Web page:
A Southern California man has been convicted in federal court of defrauding several local casinos out of $1 million in an elaborate casino credit scheme.
De Rong Shang, 50, was convicted this week of one count of conspiracy to commit mail fraud and 17 counts of mail fraud after a two-week trial, Nevada U.S. Attorney Daniel Bogden said.
Senior U.S. District Judge Roger L. Hunt set a July 16 sentencing for Shang, who faces up to 360 years in prison and $4.5 million in fines, according to a news release from Bogden's office.
Shang's co-defendant, Yuli Eaton, 47, of Southern California, pleaded guilty in the investigation, conducted by the FBI, before the trial, Bogden said.
According to federal prosecutors, the credit scheme unfolded between December 2006 and April 2007. Shang and Eaton recruited people to open bank accounts funded by Shang. Then, Shang helped the recruits apply for lines of credit at casinos. Once the lines of credit were approved, the recruits transferred the money from their accounts to Shang's account.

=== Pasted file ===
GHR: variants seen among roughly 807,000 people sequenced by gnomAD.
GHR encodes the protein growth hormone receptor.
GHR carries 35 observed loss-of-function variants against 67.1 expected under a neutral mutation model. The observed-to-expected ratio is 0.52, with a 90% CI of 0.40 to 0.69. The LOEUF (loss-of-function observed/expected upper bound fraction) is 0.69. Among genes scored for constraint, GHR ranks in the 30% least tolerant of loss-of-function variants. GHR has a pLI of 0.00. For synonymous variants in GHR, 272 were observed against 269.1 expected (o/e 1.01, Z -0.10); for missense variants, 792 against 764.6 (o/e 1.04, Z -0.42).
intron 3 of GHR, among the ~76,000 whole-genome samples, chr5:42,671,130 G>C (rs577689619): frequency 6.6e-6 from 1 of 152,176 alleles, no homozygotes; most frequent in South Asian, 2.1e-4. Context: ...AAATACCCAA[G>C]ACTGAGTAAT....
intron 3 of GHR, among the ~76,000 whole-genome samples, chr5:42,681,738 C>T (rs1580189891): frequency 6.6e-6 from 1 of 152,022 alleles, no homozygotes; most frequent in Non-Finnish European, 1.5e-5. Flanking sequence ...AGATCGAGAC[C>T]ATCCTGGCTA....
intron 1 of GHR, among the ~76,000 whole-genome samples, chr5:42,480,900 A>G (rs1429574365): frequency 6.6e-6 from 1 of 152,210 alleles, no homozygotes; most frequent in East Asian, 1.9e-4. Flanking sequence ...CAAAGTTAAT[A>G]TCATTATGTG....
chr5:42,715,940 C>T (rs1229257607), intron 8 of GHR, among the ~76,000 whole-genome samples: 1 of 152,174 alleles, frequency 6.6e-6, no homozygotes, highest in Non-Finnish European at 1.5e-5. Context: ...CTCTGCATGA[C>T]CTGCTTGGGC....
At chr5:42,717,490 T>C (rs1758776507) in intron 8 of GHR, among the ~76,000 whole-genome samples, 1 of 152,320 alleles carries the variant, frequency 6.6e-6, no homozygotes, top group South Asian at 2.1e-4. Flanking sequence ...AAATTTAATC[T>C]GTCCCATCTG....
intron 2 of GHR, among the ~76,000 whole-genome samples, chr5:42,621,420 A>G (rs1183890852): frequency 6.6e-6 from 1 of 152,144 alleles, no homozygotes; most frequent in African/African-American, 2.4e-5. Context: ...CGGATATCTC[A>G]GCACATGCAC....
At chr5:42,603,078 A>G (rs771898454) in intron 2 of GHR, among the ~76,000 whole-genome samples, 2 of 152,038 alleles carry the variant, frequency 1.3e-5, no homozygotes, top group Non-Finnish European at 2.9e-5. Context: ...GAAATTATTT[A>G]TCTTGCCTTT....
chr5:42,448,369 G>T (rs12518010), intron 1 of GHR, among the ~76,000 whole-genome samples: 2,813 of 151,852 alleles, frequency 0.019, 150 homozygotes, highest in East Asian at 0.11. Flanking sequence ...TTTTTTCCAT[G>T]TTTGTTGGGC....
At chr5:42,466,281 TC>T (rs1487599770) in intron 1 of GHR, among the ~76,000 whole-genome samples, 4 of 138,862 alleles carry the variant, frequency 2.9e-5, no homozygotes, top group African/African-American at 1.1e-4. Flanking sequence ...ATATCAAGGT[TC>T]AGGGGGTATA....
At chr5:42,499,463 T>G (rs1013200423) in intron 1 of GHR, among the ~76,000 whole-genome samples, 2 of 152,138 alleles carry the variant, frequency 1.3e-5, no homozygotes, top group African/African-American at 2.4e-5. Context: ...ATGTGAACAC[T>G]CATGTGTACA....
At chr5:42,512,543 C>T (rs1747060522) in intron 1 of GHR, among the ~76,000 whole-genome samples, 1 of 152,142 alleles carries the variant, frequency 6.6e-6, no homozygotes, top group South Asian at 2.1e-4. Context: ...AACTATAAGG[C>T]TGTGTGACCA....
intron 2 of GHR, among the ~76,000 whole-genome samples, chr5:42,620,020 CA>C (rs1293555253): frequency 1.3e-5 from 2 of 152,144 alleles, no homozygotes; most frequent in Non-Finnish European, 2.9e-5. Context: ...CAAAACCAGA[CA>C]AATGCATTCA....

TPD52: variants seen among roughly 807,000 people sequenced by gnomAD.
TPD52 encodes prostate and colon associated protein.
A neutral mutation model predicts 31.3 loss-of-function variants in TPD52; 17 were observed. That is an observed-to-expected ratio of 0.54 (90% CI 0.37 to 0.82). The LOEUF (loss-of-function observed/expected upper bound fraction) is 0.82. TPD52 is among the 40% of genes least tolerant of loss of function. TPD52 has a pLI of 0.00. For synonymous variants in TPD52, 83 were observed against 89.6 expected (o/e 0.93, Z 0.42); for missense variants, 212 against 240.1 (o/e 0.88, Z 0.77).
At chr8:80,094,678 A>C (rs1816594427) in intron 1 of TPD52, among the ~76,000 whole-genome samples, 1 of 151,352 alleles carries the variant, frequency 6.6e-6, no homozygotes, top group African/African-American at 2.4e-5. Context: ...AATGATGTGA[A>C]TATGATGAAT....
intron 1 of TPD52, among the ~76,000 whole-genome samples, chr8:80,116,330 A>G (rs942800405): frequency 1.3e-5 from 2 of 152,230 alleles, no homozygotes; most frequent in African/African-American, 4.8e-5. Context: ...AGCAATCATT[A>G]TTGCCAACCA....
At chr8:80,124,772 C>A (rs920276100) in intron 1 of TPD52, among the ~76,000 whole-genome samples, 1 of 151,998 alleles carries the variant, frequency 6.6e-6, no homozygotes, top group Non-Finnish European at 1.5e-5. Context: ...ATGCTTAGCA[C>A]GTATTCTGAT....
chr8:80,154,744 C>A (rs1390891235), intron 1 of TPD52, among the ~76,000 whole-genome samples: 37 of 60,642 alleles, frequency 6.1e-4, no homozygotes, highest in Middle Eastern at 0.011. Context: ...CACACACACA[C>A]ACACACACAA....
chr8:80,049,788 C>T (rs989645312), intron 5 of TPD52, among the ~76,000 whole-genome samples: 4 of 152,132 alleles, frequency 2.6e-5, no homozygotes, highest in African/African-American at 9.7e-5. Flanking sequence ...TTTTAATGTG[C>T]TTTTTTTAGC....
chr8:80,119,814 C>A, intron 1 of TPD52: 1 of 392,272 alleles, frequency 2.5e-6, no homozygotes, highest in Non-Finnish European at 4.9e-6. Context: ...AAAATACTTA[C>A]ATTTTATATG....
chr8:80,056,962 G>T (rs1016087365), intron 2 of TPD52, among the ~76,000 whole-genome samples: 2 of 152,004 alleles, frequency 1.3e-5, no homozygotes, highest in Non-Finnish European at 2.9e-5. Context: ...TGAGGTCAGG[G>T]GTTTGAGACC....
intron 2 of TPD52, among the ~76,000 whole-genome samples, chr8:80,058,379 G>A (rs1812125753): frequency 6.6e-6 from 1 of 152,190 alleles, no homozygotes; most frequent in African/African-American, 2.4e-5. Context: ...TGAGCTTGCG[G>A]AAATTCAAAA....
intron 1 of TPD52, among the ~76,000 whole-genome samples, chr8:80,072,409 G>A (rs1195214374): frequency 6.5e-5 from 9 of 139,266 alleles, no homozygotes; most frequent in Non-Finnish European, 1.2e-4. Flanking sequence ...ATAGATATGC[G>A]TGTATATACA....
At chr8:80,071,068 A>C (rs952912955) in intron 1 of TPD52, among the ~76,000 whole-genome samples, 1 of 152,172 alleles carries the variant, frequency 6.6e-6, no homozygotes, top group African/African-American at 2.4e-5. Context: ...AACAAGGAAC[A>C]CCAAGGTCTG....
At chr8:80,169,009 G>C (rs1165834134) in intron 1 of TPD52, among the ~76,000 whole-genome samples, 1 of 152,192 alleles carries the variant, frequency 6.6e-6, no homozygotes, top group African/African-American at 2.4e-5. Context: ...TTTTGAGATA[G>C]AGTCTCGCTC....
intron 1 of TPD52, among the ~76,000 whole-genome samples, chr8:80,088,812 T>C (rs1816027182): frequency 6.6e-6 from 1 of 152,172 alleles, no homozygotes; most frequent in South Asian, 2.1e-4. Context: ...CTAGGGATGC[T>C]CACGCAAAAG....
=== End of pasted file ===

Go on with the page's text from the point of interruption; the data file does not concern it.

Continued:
The paid recruits withdrew chips from their lines of credit and played baccarat at the casinos, prosecutors said. The recruits carried out a scam known as "rolling the chips" to make it look as though they were losing money, when in fact they were just hiding chips and giving them to other co-conspirators.
Shang ended up cashing in the chips, prosecutors said. By the time the casinos tried to collect the unpaid markers, the accounts had been drained or closed.
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